5 Tips For Your Next Vet Visit
If you have a young cat, going to the vet is usually the regular routine with vaccines, checking blood,, and whatnot. However, vet visits can be a little more time-consuming and concerning if you have an older kitty. So here are some great tips for your next vet visit:
- Call Ahead – if you are bringing your kitty in for something other than the standard physical – like for stomach problems, then you should find out if you need to bring in stool samples and whatnot. Calling ahead can also help you determine whether or not you need to fast your kitty. By calling ahead, you save your time and the doctor’s too!
- Make An Appointment – some vets take walk-ins, and others accept appointments. I prefer the appointment because I know my cat will be seen then. Start making a list (possibly even on your phone) of what your kitty is doing that you’re concerned about).
- Make A List – as I mentioned in #2, you will want to list concerns or questions you have for the vet so that you don’t remember that you should have asked something two days after the visit.
- Take Photos or Take a Video – if your cat has a particular issue, you should snap a photo of them in action doing the issue or take a video of it and put it on YouTube so that the vet can check it out.
- Take Notes – when you’re at the vet, you might need to take notes, so unless you like to take notes on your phone, you should bring along a notebook or a laptop. That way, you will remember all of the vet’s recommendations.
Those are a few tips. Do you have any recommendations for our readers? What pre-, post-, or during-vet rituals have you learned over the years? Please share them with our readers by leaving a comment below!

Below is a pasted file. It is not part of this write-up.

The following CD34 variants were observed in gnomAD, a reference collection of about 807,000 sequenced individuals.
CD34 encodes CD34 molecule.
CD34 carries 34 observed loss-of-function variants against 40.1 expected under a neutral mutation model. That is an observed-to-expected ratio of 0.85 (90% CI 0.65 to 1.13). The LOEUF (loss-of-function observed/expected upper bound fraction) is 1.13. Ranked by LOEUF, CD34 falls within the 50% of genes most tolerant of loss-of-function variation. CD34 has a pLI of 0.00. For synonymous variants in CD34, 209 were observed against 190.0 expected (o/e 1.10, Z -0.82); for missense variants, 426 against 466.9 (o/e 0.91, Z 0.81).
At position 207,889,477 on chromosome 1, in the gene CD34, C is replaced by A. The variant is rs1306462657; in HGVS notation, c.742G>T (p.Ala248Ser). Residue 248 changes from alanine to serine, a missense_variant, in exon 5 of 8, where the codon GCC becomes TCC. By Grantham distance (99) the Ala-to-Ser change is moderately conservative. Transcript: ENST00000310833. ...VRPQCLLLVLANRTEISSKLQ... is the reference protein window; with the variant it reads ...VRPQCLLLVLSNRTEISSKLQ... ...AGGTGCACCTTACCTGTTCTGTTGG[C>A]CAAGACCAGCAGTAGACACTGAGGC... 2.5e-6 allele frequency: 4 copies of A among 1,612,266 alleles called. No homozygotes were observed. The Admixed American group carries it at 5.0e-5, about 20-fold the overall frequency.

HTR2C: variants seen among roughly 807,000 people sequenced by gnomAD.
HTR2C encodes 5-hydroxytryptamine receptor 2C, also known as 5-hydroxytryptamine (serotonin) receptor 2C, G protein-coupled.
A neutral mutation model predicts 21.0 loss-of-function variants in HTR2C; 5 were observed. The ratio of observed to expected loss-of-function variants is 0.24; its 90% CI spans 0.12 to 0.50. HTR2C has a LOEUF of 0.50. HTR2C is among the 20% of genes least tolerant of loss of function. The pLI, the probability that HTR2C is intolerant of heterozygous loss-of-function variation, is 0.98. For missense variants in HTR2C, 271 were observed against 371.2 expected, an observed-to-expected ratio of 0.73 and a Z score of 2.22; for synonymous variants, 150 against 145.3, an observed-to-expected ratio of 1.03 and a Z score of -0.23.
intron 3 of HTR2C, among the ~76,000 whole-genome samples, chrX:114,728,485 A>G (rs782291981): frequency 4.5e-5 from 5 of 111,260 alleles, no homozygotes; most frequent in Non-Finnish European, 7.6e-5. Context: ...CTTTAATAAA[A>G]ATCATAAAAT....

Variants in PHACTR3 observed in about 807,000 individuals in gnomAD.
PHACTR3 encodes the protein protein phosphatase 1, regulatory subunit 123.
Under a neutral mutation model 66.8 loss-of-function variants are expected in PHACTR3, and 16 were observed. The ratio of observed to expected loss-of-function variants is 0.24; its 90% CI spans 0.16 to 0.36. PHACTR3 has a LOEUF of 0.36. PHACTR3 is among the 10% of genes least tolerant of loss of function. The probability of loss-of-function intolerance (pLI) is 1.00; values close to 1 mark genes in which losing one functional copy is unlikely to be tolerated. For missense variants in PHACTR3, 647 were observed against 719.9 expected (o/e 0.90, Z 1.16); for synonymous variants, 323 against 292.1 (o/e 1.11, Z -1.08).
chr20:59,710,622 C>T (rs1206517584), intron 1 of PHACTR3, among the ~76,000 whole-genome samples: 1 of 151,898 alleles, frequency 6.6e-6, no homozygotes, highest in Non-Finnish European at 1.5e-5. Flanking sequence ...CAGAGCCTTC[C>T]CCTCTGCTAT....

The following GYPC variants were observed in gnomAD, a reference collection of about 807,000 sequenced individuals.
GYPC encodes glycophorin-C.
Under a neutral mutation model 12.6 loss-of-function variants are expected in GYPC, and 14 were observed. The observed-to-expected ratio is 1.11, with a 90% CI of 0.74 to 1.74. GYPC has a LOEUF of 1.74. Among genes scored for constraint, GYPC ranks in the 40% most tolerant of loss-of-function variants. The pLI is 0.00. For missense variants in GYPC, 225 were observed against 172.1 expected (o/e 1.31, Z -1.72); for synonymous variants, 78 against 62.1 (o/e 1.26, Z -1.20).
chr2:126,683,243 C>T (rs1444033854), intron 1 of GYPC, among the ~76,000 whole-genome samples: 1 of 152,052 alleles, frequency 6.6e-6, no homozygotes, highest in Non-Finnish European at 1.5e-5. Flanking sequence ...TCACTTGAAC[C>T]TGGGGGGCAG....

Do not underestimate how sensitive your cat (especially your mellow Ragdoll) is to new scenery, the car, loud noises, the elevator, strange people, new smells, meds, getting passed from tech to doc to front desk, motion of the cat carrier, your high pitched “it’s all gonna be alright” voice… They’re taking it all in, it’s making them nervous, and could easily make them physically ill. It surprised me when it happened to our five-year-old this Thanksgiving on the way out of the emergency clinic. Do what you need to do but try to mitigate the trauma.
Hi Jenny – one of our cats, Louie, absolutely HATES riding to the vet. It doesn’t matter what I do. Of course, then he is very anxious when at the vet. He’s not a biter or anything like that. It’s just that his heart rate goes way up. I have gabapentin for him. Our vet recommends I give it to him an hour or 2 before his appointment. This is especially true if anesthesia is involved, such as teeth cleaning. The reason he says this is that if Louie is calmer already from the gabapentin, he can use much less anesthesia. I also do this when the groomer comes, although he is pretty good with her – she is mobile with an amazingly equipped van.
Glad Gabapentin works for Mr. Louie – mine can barely move when I give it to them!